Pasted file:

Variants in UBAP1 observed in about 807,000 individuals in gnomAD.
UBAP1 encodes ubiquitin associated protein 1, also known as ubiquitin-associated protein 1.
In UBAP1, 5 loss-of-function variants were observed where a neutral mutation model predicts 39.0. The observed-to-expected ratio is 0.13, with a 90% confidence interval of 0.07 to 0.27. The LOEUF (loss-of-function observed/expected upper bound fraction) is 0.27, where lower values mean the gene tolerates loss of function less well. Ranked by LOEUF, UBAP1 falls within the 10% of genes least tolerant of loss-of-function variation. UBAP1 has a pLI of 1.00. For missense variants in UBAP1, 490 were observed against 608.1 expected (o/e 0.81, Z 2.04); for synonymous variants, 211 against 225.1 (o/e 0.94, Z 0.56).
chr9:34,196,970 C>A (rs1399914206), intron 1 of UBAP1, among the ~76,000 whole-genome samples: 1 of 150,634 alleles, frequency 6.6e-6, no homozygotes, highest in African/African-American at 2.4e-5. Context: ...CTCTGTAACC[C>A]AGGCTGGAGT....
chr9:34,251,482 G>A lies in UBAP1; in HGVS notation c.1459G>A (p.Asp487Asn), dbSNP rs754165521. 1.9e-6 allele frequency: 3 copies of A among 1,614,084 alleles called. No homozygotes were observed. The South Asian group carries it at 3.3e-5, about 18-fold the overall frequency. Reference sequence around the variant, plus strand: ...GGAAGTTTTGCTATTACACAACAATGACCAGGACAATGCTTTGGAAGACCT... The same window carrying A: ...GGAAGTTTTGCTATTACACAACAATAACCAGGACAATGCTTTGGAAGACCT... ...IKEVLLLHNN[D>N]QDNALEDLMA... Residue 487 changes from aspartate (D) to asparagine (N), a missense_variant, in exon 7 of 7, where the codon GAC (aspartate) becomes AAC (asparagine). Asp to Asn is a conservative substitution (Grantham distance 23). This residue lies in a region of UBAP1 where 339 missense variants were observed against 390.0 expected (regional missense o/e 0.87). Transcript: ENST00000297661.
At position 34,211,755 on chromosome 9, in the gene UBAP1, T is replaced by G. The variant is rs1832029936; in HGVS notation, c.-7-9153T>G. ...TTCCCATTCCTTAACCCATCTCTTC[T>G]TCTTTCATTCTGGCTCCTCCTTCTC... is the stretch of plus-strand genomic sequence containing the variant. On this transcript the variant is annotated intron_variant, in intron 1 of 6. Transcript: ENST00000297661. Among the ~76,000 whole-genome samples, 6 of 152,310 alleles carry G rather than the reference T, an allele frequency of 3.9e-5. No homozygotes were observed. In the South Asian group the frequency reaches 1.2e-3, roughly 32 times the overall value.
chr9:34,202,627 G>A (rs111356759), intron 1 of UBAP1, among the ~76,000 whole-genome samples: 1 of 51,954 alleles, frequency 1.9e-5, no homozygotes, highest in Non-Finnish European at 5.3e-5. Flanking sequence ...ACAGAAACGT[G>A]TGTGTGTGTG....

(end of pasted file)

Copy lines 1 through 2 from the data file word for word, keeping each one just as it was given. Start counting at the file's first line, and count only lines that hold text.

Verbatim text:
Variants in UBAP1 observed in about 807,000 individuals in gnomAD.
UBAP1 encodes ubiquitin associated protein 1, also known as ubiquitin-associated protein 1.